It is understandable why a government would wish to put a stop to smuggling and moonshining for commercial purposes, that is to say in order to sell the product and avoid the payment of taxes, but why would there be a complete ban on distillation by amateurs, on a small scale and for their own use? And why, commercially, should a distilled spirit attract a higher tax per unit of alcohol? At the risk of being tediously repetitious it is worth reminding ourselves again that distillation is one of the most innocuous activities imaginable. Unlike beer- and wine-making it doesn't produce a drop of alcohol. Not a drop. What it does is take the beer which you have quite legally made by fermentation and remove all the noxious, poisonous substances which appear inevitably as by-products in all fermentations. Strange really that the purification of a legal drug by removing the poisons is illegal. Instead of prohibiting it, the authorities should really be encouraging distillation by amateurs. And the general public, which is so rightly health-conscious these days, would be more that justified in demanding the right to do so.
Governments surely wouldn't do something without reason would they!! There must be a reason for the ban on amateur distillation. Surely! In attempting to find this reason the first thing which comes to mind is the potential loss of tax revenue. After all, if everyone started making their own spirits at home the loss of revenue might be considerable. However, this cannot be the real reason because the home production of beer and wine for one's own use is legal, and both are taxable when sold commercially, so the authorities must not be all that concerned about the loss of revenue when people make their own alcoholic beverages.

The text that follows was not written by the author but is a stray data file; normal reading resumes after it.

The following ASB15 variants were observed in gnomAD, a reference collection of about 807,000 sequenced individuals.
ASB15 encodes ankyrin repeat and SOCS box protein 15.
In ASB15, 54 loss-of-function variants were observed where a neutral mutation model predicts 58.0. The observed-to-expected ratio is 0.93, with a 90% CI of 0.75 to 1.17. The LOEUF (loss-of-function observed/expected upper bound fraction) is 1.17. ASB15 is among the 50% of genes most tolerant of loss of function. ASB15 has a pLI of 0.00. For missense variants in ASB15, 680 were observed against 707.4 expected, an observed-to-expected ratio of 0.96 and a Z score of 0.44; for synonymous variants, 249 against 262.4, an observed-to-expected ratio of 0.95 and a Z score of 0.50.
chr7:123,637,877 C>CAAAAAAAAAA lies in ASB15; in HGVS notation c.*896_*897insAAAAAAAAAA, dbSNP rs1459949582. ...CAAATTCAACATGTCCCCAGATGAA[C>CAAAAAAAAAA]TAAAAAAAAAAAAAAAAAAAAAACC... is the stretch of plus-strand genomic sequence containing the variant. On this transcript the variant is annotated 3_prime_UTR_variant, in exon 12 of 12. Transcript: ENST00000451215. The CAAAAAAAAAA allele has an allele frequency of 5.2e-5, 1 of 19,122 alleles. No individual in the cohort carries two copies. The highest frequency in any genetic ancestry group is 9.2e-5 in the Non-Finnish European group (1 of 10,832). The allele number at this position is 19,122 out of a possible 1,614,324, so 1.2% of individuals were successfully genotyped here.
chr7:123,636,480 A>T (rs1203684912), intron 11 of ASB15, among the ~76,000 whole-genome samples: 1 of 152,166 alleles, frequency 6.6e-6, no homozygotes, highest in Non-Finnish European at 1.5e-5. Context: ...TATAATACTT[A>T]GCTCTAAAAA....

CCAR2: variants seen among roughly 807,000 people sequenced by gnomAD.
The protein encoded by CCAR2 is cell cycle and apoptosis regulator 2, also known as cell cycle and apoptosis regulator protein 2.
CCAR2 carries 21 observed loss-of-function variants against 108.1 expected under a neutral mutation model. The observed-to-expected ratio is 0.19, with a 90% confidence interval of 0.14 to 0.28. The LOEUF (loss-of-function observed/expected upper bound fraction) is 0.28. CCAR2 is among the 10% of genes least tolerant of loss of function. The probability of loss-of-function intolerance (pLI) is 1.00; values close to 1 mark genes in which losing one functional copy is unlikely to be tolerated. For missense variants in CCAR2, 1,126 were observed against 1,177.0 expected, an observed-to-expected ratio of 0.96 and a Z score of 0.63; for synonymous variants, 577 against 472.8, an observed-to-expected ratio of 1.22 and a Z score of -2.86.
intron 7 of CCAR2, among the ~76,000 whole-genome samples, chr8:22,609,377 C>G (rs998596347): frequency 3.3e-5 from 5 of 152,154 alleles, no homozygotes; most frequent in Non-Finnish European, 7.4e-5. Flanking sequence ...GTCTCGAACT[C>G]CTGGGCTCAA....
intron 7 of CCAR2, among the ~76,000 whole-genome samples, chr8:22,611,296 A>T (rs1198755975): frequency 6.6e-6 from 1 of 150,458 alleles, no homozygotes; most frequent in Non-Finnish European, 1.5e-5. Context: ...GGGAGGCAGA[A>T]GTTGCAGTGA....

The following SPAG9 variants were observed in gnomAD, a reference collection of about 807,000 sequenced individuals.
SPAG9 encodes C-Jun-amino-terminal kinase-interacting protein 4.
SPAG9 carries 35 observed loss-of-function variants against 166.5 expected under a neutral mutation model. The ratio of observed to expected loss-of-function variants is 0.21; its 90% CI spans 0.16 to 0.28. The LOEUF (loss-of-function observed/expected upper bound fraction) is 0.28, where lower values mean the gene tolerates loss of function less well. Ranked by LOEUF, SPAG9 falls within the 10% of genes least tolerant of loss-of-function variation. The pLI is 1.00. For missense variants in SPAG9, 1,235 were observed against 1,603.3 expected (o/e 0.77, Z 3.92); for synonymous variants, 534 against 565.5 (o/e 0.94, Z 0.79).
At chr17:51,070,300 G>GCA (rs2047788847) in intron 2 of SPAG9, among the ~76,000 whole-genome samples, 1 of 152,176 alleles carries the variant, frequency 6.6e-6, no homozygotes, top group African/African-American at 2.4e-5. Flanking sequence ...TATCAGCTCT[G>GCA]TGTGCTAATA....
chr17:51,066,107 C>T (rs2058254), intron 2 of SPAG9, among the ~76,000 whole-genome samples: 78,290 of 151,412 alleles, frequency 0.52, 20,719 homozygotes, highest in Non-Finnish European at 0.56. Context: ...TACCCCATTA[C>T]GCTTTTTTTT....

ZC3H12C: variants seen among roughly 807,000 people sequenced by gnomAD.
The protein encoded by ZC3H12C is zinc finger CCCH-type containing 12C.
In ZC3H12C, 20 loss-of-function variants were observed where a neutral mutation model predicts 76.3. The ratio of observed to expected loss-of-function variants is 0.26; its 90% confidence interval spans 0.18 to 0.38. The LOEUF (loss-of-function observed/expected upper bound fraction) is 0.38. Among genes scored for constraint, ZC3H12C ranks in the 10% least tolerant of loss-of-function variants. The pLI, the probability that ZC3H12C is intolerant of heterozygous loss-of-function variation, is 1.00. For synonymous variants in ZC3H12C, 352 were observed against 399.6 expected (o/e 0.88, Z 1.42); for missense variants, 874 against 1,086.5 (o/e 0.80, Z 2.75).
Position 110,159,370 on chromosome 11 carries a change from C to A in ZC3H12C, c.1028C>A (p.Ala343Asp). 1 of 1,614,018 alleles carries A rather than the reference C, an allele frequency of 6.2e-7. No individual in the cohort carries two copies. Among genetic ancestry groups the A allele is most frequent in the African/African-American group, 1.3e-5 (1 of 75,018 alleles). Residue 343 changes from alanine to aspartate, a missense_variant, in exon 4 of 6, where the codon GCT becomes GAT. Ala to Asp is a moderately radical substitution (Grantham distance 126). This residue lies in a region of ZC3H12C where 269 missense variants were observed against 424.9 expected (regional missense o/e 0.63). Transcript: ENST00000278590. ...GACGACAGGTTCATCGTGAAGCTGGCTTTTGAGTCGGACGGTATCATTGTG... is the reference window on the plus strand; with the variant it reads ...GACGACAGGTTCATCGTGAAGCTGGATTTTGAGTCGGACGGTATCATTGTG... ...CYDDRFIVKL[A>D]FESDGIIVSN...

A possible, and somewhat cynical, explanation for the prohibition of home distilling is based on the following reasoning. Home-made beer and wine are often a bit inferior to a good commercial product, and their preparation takes quite a bit of time, so only the most enthusiastic amateurs will go to all that trouble. Consequently there is no real threat to the sale of commercial products nor to the revenues generated by taxation. If, however, home distillation were permitted, every Tom, Dick and Harriette would be in a position to make a gin or vodka which was every bit as good as the finest commercial product on the market, and could make it in quantity in a short time. This could, it might be argued, make serious inroads into commercial sales and into government revenues.
Further thought, however, makes it very unlikely that amateur production of spirits would have any appreciable effect on commercial sales. For one thing the equipment is moderately expensive (several hundred dollars) and it is necessary to follow directions rather carefully when using it so it is unlikely that the practice would ever become really widespread. Moreover, many people prefer scotch, rye, rum, etc. to either gin or vodka and it is only these two which can be made by amateurs with a quality approaching that of commercial brands. So if distillation were legalized for amateurs it would probably become nothing more than an interesting hobby, just like making wine, and offer little competition to commercial producers.
No, we have to look deeper than this in our search for a reason why governments have such a hang-up about distillation. You see, it is not just amateurs who are penalized. Commercial producers also feel the heavy hand of government prejudice and disapproval. This is illustrated by several restrictions which apply in many countries. One is the fact that the advertising of beer and wine on television is permitted whereas the advertising of distilled spirits is prohibited. Another concerns the tax imposed on distilled alcoholic products — per unit of alcohol the tax on spirits is much higher than it is on beer and wine. A third restriction on spirits can be seen in the alcoholic beverage section in the supermarkets of some countries — beer and wine may be sold, and possibly fortified wines such as vermouth, but raise the alcohol concentration to 40% and the ancient shibboleth of 'hard spirits' comes into play. This is grossly unfair discrimination and naturally of great concern to distillers. As they point out over and over again, in advertisements and representations to governments, a glass of gin & tonic, a glass of wine, and a bottle of beer all contain similar amounts of alcohol, so it is inequitable to tax their product at a higher level.